Survivor “memoirs” have flooded the literary market in recent years, but publishers’ aversion to tragic endings is not altogether new. Here’s some background on Jean Rhys’ Voyage in the Dark, published in 1934:
[The novel] reworks the familiar Rhysian plot of a destitute, powerless chorus girl, abandoned by lovers and left alone and pregnant…. Rhys’s publishers insisted she change the “morbid” ending in which Anna died. In a June 1934 letter printed in Francis Wyndham and Diana Melly’s collection of Rhys’s correspondence, Rhys confided: “I minded more than I would have believed possible. . . . I suppose I shall have to give in and cut the book and I’m afraid it will make it meaningless. The worst is that it is precisely the last part which I am most certain of that will have to be mutilated.” She was haunted by this revision for more than thirty years.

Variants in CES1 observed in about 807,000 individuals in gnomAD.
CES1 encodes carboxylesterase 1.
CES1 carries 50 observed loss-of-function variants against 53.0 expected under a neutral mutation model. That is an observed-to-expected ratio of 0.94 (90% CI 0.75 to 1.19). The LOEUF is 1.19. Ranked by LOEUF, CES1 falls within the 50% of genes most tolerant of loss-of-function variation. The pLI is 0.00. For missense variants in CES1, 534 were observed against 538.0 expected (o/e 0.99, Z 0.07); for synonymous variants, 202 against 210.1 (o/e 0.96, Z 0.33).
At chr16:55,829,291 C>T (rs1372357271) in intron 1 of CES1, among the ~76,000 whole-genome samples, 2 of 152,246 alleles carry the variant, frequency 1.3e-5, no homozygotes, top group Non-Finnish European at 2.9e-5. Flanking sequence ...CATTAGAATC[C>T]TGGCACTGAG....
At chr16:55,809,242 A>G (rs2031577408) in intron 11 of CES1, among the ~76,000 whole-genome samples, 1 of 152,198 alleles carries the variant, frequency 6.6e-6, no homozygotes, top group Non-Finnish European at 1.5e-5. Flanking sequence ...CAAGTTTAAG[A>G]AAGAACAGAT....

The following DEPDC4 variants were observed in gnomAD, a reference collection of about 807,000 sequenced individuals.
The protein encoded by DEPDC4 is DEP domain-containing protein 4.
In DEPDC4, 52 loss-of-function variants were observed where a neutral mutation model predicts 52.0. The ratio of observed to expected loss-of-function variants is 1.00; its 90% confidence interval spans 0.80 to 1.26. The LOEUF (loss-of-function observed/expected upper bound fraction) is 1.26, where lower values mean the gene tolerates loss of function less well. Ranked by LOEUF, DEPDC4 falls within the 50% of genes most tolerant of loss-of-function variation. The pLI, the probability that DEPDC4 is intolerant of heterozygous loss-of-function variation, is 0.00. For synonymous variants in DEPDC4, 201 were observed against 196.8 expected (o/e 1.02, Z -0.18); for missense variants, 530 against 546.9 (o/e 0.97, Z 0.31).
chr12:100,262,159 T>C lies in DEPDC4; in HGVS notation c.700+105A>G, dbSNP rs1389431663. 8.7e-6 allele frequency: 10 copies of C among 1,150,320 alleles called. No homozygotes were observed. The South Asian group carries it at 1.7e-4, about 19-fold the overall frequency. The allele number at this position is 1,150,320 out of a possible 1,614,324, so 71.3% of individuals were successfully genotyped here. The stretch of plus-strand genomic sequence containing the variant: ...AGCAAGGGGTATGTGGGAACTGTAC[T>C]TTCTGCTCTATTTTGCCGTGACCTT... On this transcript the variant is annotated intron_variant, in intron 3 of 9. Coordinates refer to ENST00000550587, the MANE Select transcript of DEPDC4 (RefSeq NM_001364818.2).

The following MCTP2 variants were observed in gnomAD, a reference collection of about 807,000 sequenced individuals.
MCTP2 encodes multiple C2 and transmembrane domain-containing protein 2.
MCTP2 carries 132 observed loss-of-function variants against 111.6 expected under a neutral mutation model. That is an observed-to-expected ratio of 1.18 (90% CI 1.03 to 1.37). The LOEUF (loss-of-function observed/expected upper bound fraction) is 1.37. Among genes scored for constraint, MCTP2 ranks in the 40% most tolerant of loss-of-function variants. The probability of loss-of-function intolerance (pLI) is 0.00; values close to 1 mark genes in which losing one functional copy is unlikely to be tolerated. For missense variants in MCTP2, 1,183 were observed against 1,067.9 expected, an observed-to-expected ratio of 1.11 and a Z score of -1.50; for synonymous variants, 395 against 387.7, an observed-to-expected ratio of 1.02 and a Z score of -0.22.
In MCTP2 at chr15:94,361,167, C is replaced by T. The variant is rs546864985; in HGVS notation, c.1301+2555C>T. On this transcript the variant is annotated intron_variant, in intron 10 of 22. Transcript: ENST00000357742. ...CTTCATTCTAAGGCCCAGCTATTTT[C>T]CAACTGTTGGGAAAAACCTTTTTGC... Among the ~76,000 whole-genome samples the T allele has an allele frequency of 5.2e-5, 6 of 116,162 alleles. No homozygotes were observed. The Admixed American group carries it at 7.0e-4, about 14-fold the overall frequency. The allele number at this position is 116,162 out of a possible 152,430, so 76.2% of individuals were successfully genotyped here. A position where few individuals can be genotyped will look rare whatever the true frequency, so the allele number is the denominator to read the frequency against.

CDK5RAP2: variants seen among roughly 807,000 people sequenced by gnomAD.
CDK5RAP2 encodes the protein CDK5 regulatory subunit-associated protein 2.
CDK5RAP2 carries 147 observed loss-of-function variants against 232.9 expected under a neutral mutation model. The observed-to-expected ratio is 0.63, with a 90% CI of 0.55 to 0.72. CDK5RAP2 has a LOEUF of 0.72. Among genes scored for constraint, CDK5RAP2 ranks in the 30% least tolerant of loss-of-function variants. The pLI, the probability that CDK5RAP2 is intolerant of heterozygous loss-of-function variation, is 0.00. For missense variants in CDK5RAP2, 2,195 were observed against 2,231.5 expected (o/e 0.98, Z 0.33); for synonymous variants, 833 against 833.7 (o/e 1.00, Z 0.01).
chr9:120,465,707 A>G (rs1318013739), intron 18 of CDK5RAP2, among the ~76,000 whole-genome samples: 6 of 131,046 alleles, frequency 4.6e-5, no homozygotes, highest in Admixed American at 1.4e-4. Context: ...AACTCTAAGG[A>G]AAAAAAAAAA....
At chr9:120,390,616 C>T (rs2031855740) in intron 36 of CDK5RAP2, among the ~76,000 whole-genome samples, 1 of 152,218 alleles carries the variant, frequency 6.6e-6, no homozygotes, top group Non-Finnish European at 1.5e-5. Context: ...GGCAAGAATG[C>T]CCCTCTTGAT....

(Contemporary Authors Online, 2004.)
More on Rhys:
- She viewed writing as “‘a way of getting rid of something, something unpleasant especially’ and saw herself as ‘a pen . . . nothing but a pen’ through which a story told itself: ‘I think and think for a sentence, and every sentence I think for is wrong, I know it. Then, all at once, the illuminating sentence comes to me. Everything clicks into place.'” (From the same Contemporary Authors profile.)